Negligence is of course a legal term and determining negligence in a legal sense requires the services of a lawyer and often the courts. Although, returning to the sobering statistic that most small businesses are out of business within six months of a cyber breach, avoiding any semblance of negligence would seem prudent. One fact that many businesses are not aware of with the newest payment card standards is the requirement to process chip enabled cards. Essentially, if a customer offers a chip enabled card and the business instead processes the transaction using the magnetic stripe, the business can be liable if the card transaction was fraudulent. The banks are pushing liability out to the small business. Why would any business willing choose to accept such risks?
Returning from my digression on payment cards, why is it taking so long to detect breaches? I think the answer lies in that businesses apply technology as security solutions without looking at the bigger picture. Detection technologies such as IDS and SIEM, while commonly deployed, are rarely in my experience implemented and maintained effectively. What is lacking is an understanding of a baseline.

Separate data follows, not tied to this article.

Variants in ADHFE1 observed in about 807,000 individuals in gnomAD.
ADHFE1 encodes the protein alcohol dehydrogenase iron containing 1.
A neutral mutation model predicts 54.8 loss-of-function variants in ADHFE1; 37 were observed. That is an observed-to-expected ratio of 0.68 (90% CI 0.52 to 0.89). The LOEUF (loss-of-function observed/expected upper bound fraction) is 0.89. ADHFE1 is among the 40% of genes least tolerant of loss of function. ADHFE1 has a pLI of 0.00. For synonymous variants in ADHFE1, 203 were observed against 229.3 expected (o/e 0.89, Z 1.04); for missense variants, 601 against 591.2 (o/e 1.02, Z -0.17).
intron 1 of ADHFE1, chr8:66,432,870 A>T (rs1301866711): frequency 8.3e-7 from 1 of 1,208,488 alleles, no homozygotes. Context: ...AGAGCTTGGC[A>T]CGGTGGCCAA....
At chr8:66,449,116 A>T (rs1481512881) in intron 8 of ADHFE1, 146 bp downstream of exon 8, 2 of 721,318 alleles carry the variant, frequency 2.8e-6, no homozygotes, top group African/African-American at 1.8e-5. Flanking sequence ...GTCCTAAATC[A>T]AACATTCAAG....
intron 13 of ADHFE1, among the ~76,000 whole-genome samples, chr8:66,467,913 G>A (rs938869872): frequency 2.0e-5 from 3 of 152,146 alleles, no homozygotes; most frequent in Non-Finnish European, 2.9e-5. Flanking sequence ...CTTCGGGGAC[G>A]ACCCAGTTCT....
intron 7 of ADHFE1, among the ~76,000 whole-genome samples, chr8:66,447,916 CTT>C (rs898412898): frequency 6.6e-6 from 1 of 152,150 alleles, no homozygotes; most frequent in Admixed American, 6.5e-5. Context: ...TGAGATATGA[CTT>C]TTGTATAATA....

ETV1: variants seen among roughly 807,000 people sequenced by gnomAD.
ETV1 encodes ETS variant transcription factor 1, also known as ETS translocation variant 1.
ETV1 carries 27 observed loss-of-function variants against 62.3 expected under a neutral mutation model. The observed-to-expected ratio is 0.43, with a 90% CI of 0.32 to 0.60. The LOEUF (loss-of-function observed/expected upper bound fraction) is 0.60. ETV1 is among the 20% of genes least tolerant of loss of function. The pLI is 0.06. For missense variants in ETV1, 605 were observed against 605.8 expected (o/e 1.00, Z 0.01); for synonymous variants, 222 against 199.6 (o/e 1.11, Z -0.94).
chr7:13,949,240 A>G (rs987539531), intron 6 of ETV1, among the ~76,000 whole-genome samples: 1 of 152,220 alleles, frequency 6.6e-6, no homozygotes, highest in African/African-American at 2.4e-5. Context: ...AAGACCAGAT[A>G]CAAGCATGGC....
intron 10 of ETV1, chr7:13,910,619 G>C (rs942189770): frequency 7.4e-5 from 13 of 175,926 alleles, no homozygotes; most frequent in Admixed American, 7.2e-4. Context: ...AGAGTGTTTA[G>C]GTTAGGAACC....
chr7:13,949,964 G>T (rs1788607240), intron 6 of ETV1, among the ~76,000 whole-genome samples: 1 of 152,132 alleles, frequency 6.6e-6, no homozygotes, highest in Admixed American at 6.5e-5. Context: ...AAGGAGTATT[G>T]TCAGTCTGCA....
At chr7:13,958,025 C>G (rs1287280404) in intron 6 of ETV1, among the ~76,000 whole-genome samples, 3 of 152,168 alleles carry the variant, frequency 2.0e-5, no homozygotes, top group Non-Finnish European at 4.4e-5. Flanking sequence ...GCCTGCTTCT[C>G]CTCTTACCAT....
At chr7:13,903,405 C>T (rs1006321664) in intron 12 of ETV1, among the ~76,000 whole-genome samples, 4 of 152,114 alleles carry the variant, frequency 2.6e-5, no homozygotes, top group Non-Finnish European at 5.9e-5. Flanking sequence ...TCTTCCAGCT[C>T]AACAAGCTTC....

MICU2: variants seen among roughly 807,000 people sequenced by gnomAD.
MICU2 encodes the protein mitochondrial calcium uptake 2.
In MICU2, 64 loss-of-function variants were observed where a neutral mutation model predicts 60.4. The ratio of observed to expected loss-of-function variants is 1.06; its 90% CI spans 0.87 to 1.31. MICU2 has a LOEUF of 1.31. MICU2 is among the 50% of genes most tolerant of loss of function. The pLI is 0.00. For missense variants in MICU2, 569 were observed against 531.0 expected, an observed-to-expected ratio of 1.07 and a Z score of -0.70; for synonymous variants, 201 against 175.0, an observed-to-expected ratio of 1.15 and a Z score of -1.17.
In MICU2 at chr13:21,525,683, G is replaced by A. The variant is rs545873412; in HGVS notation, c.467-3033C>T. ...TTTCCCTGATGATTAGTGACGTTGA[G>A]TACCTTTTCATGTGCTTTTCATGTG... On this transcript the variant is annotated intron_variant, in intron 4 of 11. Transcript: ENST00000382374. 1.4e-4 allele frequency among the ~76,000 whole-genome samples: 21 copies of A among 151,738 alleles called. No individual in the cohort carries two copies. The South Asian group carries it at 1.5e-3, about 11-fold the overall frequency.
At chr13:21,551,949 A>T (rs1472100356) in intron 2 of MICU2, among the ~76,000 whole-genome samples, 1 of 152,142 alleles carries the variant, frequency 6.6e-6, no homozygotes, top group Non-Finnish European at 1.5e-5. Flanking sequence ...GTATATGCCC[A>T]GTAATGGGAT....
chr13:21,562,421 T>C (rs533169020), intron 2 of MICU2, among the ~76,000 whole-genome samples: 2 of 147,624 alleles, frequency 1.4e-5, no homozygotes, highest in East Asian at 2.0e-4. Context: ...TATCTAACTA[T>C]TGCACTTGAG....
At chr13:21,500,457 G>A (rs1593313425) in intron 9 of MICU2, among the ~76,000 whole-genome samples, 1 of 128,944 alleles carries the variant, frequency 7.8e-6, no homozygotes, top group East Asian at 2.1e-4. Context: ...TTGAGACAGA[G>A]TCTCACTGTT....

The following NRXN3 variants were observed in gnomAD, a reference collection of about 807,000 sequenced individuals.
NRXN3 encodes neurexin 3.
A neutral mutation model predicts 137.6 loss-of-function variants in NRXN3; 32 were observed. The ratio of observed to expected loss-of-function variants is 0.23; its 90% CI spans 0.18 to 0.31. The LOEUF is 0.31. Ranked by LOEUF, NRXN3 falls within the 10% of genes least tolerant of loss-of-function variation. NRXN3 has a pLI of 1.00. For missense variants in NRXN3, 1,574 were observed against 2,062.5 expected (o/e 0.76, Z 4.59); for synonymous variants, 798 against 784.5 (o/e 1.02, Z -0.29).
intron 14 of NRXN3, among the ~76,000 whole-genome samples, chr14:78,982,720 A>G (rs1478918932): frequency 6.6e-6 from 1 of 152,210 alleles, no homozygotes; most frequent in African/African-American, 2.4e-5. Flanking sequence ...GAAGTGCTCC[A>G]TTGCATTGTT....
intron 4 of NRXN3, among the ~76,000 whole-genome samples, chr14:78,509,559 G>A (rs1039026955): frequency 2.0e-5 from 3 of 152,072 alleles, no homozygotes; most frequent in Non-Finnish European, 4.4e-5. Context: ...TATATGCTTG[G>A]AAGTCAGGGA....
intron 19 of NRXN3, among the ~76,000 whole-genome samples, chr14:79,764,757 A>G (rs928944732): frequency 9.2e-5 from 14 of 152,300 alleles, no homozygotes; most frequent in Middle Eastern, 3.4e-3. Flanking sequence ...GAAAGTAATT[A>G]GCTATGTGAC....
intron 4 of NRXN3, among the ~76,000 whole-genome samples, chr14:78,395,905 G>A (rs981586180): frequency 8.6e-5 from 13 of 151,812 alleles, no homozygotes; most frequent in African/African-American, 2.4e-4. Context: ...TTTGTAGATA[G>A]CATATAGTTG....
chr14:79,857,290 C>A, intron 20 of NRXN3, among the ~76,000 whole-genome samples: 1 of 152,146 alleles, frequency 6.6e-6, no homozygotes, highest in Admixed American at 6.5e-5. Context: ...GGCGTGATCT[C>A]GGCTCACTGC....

Back in my earlier days of working with IDS, we worked with a vendor deploying a product which the vendor touted as the “anti-ids.” Instead of using signatures, as many solutions do, this solution required that we spend several days observing and understanding everything that was expected on our network, thus establishing a baseline from which to observe future activity. The experience was useful as well as eye opening because in the process, we discovered significant implementations of “shadow IT” where different business groups had introduced their own solutions into the infrastructure. The end result of the exercise was a clear understanding of “normal” for our network after which we were able to notice and respond to events which did not fit the normal expectation.